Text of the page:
I’m fighting with this! No matter what I do, I can’t seem to get a clear CKOUT signal as long as PWM is activated.
PIMP MY OSCILLOSCOPE! Yeah, see that backlight? I made it. My o-scope’s backlight hasn’t worked since I got it (for $10), so I soldered-up a row of 9 orange LEDs (I had them in a big bag) and hooked them directly up to a 3v wall wart. In retrospect I wish I had a bunch of blue LEDs… but for now I can’t get over how well this worked! Compare it to the images a few posts back – you can really see the grid lines now!
I know this is super-basic stuff for a lot of you all, but I haven’t found a place online which CLEARLY documents this process, so I figured I’d toss-up a no-nonsense post which documents how I calculate the power output (in watts) of my QRP devices (i.e., QRSS MEPT) using an oscilloscope.
This is the circuit I’m trying to measure.
I think I have increased power output because I’m now powering my 74HC240 from this power supply (5v, 200A) rather than USB power (which still powers the microcontroller). Let’s see!
There’s the signal, and I haven’t calibrated the grid squares (this thing shifts wildly) so I have to measure PPV (peak-to-peak voltage) in “squares”. The PPV of this is about 5.3 squares.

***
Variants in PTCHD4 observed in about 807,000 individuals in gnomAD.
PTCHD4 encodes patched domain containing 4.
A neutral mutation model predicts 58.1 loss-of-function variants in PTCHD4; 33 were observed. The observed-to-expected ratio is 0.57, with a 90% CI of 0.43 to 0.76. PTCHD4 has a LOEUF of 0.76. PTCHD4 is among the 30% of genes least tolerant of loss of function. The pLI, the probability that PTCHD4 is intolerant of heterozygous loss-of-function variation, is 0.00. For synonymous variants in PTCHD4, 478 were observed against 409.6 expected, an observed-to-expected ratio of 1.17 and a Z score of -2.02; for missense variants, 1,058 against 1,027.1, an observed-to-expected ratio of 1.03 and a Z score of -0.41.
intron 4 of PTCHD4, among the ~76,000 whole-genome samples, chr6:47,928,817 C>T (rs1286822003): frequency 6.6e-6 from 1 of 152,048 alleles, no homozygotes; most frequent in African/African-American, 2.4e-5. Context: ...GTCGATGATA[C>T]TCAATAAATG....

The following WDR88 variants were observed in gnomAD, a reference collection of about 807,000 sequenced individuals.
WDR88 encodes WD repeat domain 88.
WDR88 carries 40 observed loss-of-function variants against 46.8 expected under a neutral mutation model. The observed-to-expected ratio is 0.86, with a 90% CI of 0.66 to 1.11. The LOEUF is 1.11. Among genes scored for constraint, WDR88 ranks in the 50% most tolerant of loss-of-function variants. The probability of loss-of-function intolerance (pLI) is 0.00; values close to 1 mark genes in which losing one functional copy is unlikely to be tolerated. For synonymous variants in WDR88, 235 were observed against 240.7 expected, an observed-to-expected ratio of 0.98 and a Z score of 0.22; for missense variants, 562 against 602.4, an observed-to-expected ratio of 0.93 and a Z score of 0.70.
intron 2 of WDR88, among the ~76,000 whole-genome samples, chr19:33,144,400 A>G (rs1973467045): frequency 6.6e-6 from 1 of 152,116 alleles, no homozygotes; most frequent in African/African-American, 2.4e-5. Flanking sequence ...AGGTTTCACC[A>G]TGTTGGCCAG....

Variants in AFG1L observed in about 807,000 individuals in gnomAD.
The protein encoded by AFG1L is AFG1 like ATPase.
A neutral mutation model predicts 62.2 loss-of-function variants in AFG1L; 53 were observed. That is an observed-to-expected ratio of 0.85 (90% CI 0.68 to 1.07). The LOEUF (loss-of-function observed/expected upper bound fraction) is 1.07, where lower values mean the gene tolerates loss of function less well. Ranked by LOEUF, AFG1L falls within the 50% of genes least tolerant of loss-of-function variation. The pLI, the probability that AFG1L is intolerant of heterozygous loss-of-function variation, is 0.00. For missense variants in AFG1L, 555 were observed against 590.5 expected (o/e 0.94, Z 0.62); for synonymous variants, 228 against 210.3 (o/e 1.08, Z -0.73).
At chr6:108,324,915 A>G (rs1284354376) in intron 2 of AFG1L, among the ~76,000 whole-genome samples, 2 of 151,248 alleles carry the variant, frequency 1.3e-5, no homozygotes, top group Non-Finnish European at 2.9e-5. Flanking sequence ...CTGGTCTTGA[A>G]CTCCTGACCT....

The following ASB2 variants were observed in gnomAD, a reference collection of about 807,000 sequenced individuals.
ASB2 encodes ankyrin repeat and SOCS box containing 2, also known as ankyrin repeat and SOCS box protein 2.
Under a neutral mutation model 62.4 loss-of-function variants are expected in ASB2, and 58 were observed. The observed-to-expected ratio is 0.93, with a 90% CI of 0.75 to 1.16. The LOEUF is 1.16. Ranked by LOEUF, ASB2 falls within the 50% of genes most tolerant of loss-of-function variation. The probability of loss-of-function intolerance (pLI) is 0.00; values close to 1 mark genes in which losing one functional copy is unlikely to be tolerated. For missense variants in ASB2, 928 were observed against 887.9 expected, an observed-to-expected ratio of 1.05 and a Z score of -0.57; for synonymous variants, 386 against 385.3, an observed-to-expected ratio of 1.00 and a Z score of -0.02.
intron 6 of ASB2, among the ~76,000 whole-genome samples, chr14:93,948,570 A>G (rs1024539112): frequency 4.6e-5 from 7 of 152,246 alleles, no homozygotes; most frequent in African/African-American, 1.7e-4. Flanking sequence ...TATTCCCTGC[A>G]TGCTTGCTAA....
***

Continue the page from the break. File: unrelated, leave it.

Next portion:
I now use a function generator to create square waves at a convenient height. Using the same oscilloscope settings, I noticed that 10v square waves are about 7 squares high. My function generator isn’t extremely accurate as you can see (very fuzzy) but this is a good approximation. I now know that my signal is 5.3/7*10 volts. The rest of the math is pictured here:
140mW – cool! It’s not huge… but it’s pretty good for what it is (a 2-chip transmitter). I’d like to take it up to a full watt… we’ll see how it goes. My 74HC240 is totally mutilated. I accidentally broke off one of the legs, couldn’t solder to it anymore, and thought I destroyed the chip. After getting distraught about a $0.51 component, I ripped ALL the legs off. Later I realized I was running out of these chips, and decided to try to revive it. I used a dremel with an extremely small bit (similar to a quarter-round burr in dentistry) and drilled into the black casing of the microchip just above the metal contacts, allowing me enough surface area for solder to adhere to. I’m amazed it works! Now, to get more milliwatts and perhaps even watts…
It’s so awesome that such a small device can send such a low power signal so far away! Anyhow, the title says it all. Special thanks to G6AVK’s “part time” grabber for capturing this awesome series. That’s a 4356.4 mile trip on USB power! ha!
Yeah, that’s over 4,500 miles away! The following image was captured from ON5EX’s QRSS grabber in Belgium! Amazing. I don’t have the equipment to measure its power output, but it’s running on USB power and I’d assume it’s putting out less than 100mW. Amazingly cool!